Monday, November 10, 2014

Dov Seidman (CEO of LRN): "How: Why HOW We Do Anything Means Everything", review

Author: Dov Seidman, with Foreword by Bill Clinton

Title: “How: Why HOW We Do Anything Means Everything
Publication: 2011 (Expanded edition, originally published in 2007), Wiley: ISNB 978-1-118-10627-2,  344 pages, hardcover (also e-book), 4 Parts, 12 Chapters, with a Foreword, Preface (38 roman pages), Prologue, and two Afterword’s (“How’s Matter”).
Amazon link
Before I move on, let me note something about the format of the book.  There are multiple introductions and epilogues, which I know a NYC literary agent with whom I worked in the 1990s would have seen as unnecessary.  Also, I get annoyed when books have small roman page numbering for introductory material.  I say, make the title page as “1” and number on, so we can tell how long the book is.  With my own DADT III book, the half-title page is page 1.  The actual text starts on p. 9.  I call my opening a “Foreword”, but literary agents prefer the term “Introduction”. 
The author is CEO of LRN, which helps companies with regulatory and compliance issues.
Seidman also has filed trademark litigation against yogurt manufacturer Chobani, which I discuss on my Trademark Issues blog Oct, 6, 2014, over the use of a common English adverb “How” as a wordmark. 
This leads me next into noting that Seidman’s thinking and ideas are a lot like mine, in my “Do Ask, Do Tell” books (three of them), but he has made it less personal, more generic, and more suitable for commercial use in a consulting business or as a motivational speaker.  For example, he avoids all discussion of sexuality, although he does recognize there is tension between the goals of the individual (as Ayn Rand would see them) and the needs of the group.

I'll also add here that in 2003 I developed a certification exam for Brainbench on "business ethics", dealing with some of the issues in the book.  One of the most controversial ideas them that I promoted was avoiding "conflict of interest", which is definitely a "How".  
The difference between “What” and “How” comes up in systems development.  Back in 1979, a consortium of Blue Cross and Blue Shield Plans tries to set up a combines Medicare system project (“CABCO”), which I moved to Dallas to work for.  The group used a project management system called “Pride Logik” (rather like SDM70) with different phases.  Phase 2 was the “What” (the input and output specification for each subsystem), and Phase 3 was the “How” (Structured English, which would lead to pseudocode).  The project stumbled and failed in 1982 over the inability of the sponsoring Plans to agree on “the Whats”, not realizing that modern computing could allow users to specify not only “the How” but even “the What”.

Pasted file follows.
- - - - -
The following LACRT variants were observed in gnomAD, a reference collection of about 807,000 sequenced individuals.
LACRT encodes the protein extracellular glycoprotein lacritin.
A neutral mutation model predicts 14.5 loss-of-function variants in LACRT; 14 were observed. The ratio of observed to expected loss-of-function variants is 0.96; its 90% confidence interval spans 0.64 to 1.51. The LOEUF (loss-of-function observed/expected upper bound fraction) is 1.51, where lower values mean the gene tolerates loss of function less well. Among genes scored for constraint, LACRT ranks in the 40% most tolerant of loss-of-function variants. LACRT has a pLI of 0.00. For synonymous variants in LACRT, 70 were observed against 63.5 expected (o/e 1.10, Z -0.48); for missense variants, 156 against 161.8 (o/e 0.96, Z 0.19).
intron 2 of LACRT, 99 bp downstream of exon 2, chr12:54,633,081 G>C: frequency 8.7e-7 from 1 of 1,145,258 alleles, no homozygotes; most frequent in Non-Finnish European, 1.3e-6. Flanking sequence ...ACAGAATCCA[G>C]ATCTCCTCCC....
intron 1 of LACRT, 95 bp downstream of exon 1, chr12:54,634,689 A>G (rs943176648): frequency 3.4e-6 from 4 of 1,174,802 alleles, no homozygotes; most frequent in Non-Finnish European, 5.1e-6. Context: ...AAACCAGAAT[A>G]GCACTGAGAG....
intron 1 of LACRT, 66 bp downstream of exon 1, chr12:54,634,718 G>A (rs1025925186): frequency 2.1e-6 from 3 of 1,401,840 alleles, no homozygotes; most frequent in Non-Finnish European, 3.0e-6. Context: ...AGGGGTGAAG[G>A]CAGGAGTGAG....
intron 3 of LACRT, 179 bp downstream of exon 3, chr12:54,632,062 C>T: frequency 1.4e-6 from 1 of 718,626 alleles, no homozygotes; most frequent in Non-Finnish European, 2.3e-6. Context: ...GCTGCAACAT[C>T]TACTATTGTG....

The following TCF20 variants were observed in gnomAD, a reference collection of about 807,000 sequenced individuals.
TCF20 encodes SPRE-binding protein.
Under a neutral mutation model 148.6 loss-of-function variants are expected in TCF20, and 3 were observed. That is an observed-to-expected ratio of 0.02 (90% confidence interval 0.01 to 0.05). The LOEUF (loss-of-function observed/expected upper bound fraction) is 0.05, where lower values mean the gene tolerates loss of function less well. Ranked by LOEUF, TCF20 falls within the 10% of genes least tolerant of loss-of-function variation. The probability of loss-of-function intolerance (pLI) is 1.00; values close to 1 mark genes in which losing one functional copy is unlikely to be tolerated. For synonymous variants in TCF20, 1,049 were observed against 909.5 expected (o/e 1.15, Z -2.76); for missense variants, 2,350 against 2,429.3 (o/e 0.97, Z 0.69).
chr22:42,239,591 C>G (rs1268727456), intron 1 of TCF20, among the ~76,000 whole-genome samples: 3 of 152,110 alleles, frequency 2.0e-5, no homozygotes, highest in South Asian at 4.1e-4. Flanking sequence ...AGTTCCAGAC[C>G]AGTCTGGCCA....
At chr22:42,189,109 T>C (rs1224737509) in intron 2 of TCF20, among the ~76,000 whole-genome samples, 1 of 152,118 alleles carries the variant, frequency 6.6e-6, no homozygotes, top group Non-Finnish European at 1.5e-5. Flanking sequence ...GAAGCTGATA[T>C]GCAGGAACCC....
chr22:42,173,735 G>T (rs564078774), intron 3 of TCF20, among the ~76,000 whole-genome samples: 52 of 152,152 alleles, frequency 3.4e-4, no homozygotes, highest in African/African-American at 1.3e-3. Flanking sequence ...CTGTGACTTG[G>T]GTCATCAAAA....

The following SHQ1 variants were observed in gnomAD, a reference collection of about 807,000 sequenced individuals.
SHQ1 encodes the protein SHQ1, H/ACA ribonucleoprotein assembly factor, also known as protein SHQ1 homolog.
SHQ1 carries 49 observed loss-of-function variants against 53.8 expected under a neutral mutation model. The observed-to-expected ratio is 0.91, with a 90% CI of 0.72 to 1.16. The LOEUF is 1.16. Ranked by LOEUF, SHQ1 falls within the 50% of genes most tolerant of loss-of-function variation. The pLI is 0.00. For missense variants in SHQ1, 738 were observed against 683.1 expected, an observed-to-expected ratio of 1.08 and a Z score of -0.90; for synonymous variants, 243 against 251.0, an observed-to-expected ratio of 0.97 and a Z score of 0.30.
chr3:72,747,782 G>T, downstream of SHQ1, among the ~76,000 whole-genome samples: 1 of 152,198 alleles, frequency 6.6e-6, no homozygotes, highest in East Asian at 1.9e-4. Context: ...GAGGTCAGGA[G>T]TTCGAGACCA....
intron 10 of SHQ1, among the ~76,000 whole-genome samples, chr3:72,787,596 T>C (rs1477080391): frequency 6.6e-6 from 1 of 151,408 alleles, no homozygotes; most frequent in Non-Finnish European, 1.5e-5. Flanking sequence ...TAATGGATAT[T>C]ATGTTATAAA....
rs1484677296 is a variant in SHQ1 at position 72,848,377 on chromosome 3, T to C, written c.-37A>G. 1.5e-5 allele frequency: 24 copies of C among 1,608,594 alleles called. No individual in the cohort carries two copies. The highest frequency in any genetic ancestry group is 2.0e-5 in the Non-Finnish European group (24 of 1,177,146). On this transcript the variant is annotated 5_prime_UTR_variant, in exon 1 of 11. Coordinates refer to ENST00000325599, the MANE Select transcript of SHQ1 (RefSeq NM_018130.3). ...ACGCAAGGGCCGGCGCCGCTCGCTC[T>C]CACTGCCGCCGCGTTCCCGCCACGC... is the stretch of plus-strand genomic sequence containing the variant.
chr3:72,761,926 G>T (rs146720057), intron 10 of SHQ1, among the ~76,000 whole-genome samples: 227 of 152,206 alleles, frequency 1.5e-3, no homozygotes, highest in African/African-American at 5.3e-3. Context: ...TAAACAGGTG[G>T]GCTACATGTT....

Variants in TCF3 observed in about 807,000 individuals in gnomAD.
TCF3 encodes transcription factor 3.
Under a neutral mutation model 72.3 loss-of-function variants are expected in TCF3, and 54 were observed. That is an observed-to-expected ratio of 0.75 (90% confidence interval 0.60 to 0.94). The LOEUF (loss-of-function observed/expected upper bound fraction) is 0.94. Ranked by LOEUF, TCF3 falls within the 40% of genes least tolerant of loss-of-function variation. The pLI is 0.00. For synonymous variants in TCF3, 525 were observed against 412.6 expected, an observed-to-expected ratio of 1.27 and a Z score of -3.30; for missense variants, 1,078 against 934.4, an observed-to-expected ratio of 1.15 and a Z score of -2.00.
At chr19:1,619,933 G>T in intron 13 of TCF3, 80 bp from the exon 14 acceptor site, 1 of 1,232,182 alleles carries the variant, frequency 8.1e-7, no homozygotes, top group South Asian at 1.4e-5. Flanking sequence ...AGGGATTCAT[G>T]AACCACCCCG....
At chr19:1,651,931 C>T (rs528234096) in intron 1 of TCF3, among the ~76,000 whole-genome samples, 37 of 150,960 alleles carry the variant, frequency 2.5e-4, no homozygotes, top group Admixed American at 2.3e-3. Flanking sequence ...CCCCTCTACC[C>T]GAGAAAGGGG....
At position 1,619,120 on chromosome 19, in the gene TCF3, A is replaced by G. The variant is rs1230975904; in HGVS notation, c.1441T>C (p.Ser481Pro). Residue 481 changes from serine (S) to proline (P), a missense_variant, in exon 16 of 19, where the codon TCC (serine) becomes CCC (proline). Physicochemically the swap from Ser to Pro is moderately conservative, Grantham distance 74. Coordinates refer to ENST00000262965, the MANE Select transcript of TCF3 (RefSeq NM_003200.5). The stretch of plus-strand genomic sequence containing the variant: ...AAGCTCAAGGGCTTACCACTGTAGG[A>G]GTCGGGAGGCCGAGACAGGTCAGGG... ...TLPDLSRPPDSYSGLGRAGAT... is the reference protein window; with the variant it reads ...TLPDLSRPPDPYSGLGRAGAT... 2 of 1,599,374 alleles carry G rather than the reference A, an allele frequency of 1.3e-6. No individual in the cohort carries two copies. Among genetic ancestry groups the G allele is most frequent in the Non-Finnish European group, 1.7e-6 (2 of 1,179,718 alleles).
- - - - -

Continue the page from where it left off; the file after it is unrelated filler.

Seidman’s book is divided into parts related to change, thought, behavior, and governance.  Along the way, he gives a lot of interesting anecdotes, starting out with explanations of how “The Wave” self-generates at large sports events.  He has some stories from his own business, and some troubling examples of where entrepreneurs went wrong, as when a new restaurant in Los Angeles was socked with frivolous litigation from a competitor over how it had violated a local license. 
The most serious point, in my experience, comes out of transparency.  In the past, gatekeepers monitored information, which allowed individuals to lead double lives and keep past indiscretions secret, often from future employers.  Since the early-to-mid 2000’s (about the time of Myspace, which preceded Facebook – and at one point Seidman makes the point with the older Myspace, like he was Dr. Phil) employers have realized they can check up on prospective and current employees online with search engines, often pulling up information for the wrong person or getting misleading impressions.  In fact, reputation management has become a whole industry, most visibly started my Michael Fertik with his “Reputation Defender” (my own “BillBoushka” blog, Nov. 30, 2006). Reputation goes global, but it used to be more dependent on family and social station and connections in a community, the loss of which some commentators like Charles Murray (“Coming Apart”) lament (March 14, 2012).  Daniel Solove of George Washington University has also written about reputation (Jan. 12, 2008).  
In his last section, Seidman categorizes different cultures of management, starting out (after “anarchy”) with the purely authoritarian – like the military.  That culture dominated early years of my own life, when we had a male-only draft.  Most companies in my career followed “informed acquiescence” but the most progressive – and I believe this includes companies like Apple, Facebook and Google – use more self-governance.  Actually, the idea of self-managed teams was developing in the 1990s and was promoted at my own employer (USLICO-ReliaStar-ING-Voya) as Team Handbook and then TQM (Total Quality Management, which he mentions by name at least once).  I’d say an earlier stint in the credit industry (Chilton-TRW-Experian) as more like his “acquiescence”.